Change of Address
The Alfred Hitchcock Hour

An ideally stern little joke is counterbalanced by the beauty and strangeness of Friedkin’s ideal direction. The middle-aged husband and wife take a Malibu beach house she hates unreasonably. He takes a young mistress among the go-go set, kills his wife and buries her in the basement.

The Sheriff’s Department sends out a sergeant to investigate the wife’s claim that the previous owner buried his wife in the basement. After all, there’s no change of address at the post office for her, they divorced and he still gets her mail.

Friedkin, working with Kennedy and Thaxter from his own teleplay co-written by Morton Fine (out of Andrew Benedict’s short story), takes economical views that tell the tale of the mortgage-burning party that burned the place down amid “sand, rocks and sea... the edge of the world.”

The punchline is directed at the notion that historical precedents of floy-floy and Charleston had the grace of innocence about them.


The McGregor Affair
The Alfred Hitchcock Hour

Burke & Hare, Dr. Knox and “a burdened man” who carries corpses to the Medical Museum as “tanbark” for “a little thing” in the form of a gratuity and small wages, that keep his wife in drink until she snores. By and by he resolves to do away with her. The resurrectionists accept the noisy gift outside their door, the heavy load is borne by McGregor, this time without a tip.

Now he has a drop to drink and a bed to loll in, but now the poor man misses his Aggie in a terrible way. His loose lips threaten the enterprise, so that when Dr. Knox opens the latest shipment, his students remark, “he that carried the box is now in the box.”

Elsa Lanchester in a classic foreshortened posture from the foot of the bed achieves an astonishing resemblance to Dylan Thomas in her penultimate scene. Andrew Duggan as McGregor, John Hoyt as Dr. Knox, an adumbration of Jean-Pierre Cassel in Losey’s La Truite ( est Lou?”), and a bit of Robert Burns,

As father Adam first was fool’d,
A case that’s still too common,
Here lies a man a woman rul’d:
The Devil ruled the woman.


Crimson Witness
The Alfred Hitchcock Hour

It was William Friedkin who directed Pinter’s The Birthday Party, here David Friedkin has something related to The Tea Party. An executive at Baldwin Mills, Inc. finds his secretary and mistress suddenly disenchanted, his wife leaves him for his brother, and Mr. Baldwin explains a “great leap forward” by the company needs this same brother as plant manager replacing the executive demoted to the pool of cost estimators, who share a secretary.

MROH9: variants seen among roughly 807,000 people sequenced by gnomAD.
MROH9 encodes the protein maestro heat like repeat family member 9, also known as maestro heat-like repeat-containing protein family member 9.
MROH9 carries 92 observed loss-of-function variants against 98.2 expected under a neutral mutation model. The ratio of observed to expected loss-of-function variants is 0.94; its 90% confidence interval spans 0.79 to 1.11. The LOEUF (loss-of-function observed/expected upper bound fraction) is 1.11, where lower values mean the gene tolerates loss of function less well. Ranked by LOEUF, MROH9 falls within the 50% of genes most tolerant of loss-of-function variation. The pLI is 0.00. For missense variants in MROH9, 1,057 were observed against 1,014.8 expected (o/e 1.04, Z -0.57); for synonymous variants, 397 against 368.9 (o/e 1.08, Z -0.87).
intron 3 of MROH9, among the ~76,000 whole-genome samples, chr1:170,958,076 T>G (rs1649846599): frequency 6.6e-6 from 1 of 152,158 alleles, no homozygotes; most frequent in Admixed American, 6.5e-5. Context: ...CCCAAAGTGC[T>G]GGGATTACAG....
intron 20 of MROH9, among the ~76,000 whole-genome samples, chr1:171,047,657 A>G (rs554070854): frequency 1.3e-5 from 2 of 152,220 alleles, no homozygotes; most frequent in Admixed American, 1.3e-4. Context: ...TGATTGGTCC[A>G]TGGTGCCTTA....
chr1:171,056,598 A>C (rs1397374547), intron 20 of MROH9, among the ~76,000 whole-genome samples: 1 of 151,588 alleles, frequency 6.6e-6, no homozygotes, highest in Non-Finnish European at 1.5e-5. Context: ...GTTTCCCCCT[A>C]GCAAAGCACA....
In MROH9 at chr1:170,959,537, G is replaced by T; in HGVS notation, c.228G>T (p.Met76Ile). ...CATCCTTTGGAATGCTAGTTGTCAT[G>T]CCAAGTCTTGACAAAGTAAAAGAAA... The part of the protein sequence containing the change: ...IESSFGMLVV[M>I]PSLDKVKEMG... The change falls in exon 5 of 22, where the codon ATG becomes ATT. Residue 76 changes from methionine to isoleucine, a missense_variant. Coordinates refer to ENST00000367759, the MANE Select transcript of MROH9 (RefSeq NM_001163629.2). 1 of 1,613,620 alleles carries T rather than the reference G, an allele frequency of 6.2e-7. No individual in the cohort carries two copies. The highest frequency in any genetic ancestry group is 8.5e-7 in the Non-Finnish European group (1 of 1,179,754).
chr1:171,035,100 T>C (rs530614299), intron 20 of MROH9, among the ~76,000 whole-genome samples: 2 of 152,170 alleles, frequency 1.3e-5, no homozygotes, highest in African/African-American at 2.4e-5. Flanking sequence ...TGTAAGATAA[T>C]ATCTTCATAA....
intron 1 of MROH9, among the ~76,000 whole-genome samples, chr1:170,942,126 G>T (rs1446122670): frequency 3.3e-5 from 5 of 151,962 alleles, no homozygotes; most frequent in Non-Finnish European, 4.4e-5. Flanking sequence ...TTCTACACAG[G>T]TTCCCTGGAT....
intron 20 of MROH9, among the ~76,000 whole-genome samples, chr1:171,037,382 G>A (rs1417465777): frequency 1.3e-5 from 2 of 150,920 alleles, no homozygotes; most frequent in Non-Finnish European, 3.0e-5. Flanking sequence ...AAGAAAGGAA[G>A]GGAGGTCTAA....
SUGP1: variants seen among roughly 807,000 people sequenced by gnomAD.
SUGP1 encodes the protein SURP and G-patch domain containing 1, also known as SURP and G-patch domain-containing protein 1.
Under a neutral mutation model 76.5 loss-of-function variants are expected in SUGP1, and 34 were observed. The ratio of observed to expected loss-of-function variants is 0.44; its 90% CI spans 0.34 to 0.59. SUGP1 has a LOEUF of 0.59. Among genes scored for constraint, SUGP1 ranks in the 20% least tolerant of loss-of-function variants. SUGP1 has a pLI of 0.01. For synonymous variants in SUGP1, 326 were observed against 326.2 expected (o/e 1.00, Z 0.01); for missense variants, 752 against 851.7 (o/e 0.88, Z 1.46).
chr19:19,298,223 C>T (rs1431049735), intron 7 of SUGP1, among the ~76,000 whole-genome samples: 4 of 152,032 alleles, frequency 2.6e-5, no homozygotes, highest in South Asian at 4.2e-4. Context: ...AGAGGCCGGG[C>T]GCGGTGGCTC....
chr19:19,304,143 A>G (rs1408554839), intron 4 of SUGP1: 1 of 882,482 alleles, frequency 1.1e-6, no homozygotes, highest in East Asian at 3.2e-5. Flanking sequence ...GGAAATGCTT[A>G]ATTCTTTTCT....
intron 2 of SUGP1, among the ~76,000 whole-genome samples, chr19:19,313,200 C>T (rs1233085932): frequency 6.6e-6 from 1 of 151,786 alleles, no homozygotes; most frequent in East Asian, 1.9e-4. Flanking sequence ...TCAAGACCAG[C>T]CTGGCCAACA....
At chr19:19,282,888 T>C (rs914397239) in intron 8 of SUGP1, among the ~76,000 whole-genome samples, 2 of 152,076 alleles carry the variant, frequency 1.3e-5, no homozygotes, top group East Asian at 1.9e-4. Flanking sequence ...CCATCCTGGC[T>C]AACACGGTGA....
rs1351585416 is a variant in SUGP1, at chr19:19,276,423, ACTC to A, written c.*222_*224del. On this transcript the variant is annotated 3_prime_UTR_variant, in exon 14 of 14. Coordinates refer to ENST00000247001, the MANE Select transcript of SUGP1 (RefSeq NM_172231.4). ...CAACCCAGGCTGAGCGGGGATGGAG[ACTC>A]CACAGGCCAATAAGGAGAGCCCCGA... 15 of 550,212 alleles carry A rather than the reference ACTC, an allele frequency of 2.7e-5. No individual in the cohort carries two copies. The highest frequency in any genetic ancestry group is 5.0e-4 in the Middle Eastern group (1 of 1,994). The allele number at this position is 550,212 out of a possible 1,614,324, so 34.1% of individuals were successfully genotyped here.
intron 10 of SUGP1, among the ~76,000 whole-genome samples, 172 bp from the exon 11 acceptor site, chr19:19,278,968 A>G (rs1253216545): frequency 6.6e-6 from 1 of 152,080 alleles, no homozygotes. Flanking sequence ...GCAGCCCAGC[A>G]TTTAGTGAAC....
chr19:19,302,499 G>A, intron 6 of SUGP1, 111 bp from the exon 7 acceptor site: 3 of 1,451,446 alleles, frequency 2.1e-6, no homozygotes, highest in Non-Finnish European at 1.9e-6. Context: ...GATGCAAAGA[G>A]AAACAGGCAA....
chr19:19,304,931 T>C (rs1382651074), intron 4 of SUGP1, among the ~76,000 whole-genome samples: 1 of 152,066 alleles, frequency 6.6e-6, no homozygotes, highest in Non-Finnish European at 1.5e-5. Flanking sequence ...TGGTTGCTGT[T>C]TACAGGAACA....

It will be noted that Mr. Baldwin’s secretary is Chinese. The subsequent murder of the usurper is solved by the police when a petal from the former executive’s boutonniere, a rose, is found at the scene of the crime.

The extent of the analysis reveals a superficial fascination exerted by the brother over women and Mr. Baldwin, which vanishes upon his death. The executive, in a performance beyond masterly by Peter Lawford (amid a cast of great actors sharply directed), is by contrast merely “nice”.


Thou Still Unravished Bride
The Alfred Hitchcock Hour

The strangeness is partly attributable to an evocation of the English mind, but compare the very same effect at Malibu in “Change of Address”.

An American girl in London takes a walk on her wedding day. The bridegroom is with Scotland Yard, he and his partner retrace her steps, a strangler is after thirtyish women. “Lovely,” he calls her, “from within, she likes poetry, Keats, Shelley, Lord Byron, that sort of thing.”

Her first stop was at a chemist’s to buy some makeup. The chemist’s son followed her to a bookshop but didn’t speak to her, “that would have spoiled it.” The bookseller was prevailed upon to read a bit of Endymion to her, and the “Ode to a Grecian Urn”, which “stirred his old bones,” then she bought a privately-printed limited edition, there was something of the victim about her. He names the pub where she was going with her guidebook (along the way a chippie understood her to be a colleague). The strange young man she met at the pub is still there. “I hunt people,” he says, by talking to them so that he learns “what makes them cripples inside”. He shows the policemen where he threw her into the river.

The bridegroom goes to inform her parents, and finds her alive, all doubts resolved. His partner sees quite another girl brought out of the water.

These are the stages by which poetry is understood, off-putting, admirable, inspiring, maddening and finally comprehensible.


I Spy

Code name, “Frenchman, naturalized, been with us since World War II.”

Quemoy and Matsu.

The schooner Shanghai Belle, Hong Kong (Robinson in straight sets, Scott critical of his net game).

“One of the biggest foul-ups in the annals of espionage. The absolute biggest.” Peckinpah remembers the machine gun in The Wild Bunch, Ritchie in The Island.


Cross Your Heart and Hope to Die

An analysis of Hitchcock primarily centering on Rear Window, taking Norman Bates as the chiefest of sinners, equating the invalid with Marnie, and acquitting the murderess in Blackmail.

The sublime sequence that almost cracks a smile has the ailing mother stumble out of her bedroom, sweep aside her boy’s eavesdropping devices and open the chest supporting them, from which she removes a doctor’s bag expecting to find her medicine, but instead she pulls out a bloody glove and keels over (Rope).

Catatonia at the end suggests The Wrong Man.